Virgin Atlantic has reportedly filed for bankruptcy as the airline industry continues to be devastated by the coronavirus pandemic.
The Virgin Group airline filed for Chapter 15 bankruptcy protection in the Southern District of New York on Tuesday.
It comes just hours after a court in London heard Virgin Atlantic could run out of money by the end of September if creditors do not approve a Â£1.2 billion bailout package.
It also comes just months after its sister airline Virgin Australia filed for voluntary administration in April.
Virgin Atlantic's filing in U.S. bankruptcy court in the southern district of New York said it has negotiated a deal with stakeholders "for a consensual recapitalization" that will get debt off its balance sheet and "immediately position it for sustainable long-term growth."
A Virgin Atlantic spokeswoman said the restructuring plan was before a British court "to secure approval from all relevant creditors before implementation."
Bloomberg reported Virgin Atlantic told a London court it could run of money in September if a restructuring deal is not approved.
Non U.S.-companies use Chapter 15 to block creditors who want to file lawsuits or tie up assets in the United States.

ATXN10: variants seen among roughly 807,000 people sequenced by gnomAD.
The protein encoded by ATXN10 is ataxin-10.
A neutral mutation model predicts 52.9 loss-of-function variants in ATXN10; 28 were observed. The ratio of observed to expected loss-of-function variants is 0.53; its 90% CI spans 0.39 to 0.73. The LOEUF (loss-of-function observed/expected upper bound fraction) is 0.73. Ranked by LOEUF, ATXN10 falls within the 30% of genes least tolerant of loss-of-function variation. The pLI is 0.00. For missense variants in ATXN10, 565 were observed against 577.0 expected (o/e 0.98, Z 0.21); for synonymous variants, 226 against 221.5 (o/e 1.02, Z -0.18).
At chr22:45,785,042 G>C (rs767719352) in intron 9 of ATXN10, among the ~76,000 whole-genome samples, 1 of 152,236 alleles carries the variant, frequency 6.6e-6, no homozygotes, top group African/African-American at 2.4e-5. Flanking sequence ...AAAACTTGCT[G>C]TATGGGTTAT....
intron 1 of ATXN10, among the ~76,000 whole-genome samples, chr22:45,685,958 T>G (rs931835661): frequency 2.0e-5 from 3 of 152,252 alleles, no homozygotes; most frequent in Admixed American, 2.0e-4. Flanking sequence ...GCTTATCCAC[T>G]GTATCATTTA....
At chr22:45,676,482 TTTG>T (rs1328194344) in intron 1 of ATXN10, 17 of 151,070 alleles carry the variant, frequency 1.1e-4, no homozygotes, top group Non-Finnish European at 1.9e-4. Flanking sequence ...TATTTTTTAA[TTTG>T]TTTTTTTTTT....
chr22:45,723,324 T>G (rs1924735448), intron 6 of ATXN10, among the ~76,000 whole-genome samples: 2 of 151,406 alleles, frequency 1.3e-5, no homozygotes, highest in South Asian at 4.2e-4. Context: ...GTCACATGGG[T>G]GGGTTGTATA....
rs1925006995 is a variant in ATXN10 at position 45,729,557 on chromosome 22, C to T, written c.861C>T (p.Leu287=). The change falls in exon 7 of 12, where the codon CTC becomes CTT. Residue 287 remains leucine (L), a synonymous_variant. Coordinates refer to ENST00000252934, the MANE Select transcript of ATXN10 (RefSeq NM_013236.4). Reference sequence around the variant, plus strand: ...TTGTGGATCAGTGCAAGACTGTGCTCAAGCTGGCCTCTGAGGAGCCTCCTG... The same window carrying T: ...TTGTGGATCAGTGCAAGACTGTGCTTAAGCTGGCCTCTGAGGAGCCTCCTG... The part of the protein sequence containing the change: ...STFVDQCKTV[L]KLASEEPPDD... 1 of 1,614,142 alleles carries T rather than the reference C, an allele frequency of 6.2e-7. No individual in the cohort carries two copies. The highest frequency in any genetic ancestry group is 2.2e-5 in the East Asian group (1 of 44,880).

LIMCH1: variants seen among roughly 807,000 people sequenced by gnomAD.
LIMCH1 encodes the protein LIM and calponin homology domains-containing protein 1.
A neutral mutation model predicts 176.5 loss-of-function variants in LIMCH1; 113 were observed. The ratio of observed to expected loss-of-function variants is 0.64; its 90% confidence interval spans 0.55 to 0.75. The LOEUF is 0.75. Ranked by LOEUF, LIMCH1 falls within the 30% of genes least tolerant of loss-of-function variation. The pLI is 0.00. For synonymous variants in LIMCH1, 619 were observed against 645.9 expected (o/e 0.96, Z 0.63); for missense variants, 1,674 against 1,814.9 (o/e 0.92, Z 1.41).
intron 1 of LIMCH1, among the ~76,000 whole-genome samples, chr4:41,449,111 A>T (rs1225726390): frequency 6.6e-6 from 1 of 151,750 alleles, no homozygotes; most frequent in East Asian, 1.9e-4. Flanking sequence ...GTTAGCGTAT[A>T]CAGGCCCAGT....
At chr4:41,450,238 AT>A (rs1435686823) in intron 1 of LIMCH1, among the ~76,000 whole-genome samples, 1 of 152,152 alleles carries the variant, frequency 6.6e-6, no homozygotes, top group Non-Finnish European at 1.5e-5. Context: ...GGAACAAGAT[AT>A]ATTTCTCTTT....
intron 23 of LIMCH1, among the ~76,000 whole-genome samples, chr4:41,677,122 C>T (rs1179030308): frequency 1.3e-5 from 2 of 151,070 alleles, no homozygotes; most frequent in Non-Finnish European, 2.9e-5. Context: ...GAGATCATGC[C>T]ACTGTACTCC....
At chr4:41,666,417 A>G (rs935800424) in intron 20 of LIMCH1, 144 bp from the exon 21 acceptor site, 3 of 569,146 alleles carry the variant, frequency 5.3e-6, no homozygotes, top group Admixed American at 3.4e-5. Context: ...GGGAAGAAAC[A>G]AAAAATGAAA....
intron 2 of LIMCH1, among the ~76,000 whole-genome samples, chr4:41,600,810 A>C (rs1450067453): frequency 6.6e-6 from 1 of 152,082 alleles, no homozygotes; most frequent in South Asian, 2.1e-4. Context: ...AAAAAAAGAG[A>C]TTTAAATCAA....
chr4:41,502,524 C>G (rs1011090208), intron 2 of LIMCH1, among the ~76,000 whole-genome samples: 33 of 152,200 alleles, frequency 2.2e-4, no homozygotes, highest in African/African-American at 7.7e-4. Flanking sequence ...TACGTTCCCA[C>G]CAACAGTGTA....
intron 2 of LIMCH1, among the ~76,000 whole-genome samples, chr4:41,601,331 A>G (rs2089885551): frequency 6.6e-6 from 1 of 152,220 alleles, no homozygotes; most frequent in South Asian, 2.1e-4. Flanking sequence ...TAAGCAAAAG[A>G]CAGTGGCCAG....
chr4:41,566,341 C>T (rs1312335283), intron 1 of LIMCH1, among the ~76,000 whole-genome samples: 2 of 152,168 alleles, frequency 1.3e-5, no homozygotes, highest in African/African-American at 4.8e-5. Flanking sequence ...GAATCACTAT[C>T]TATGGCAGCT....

In July, the airline said its private deal with stakeholders eliminates the need for support from the British government that billionaire founder Richard Branson had sought. The reorganization is expected to be completed towards the end of this summer and be spread across the next 18 months.
The airline, 51% owned by Branson's Virgin Group and 49% by U.S. airline Delta, closed its Gatwick base and cut more than 3,500 jobs to contend with the fallout from the COVID-19 pandemic, which has grounded planes and hammered demand for air travel.
It said it needed to recapitalize "to not only survive the exigent threats posed by the COVID-19 global pandemic but to thrive once the immediate global health crisis passes."
In July, Virgin Atlantic said it has agreed a rescue deal with shareholders and creditors worth 1.2 billion pounds ($1.57 billion) to secure its future beyond the coronavirus crisis.
Virgin said in a court filing reservations are down 89% from a year ago and current demand for the second half of 2020 is at approximately 25% of 2019 levels. Virgin Atlantic also owns Virgin Atlantic Holidays, a tour operator business and Virgin Atlantic Cargo.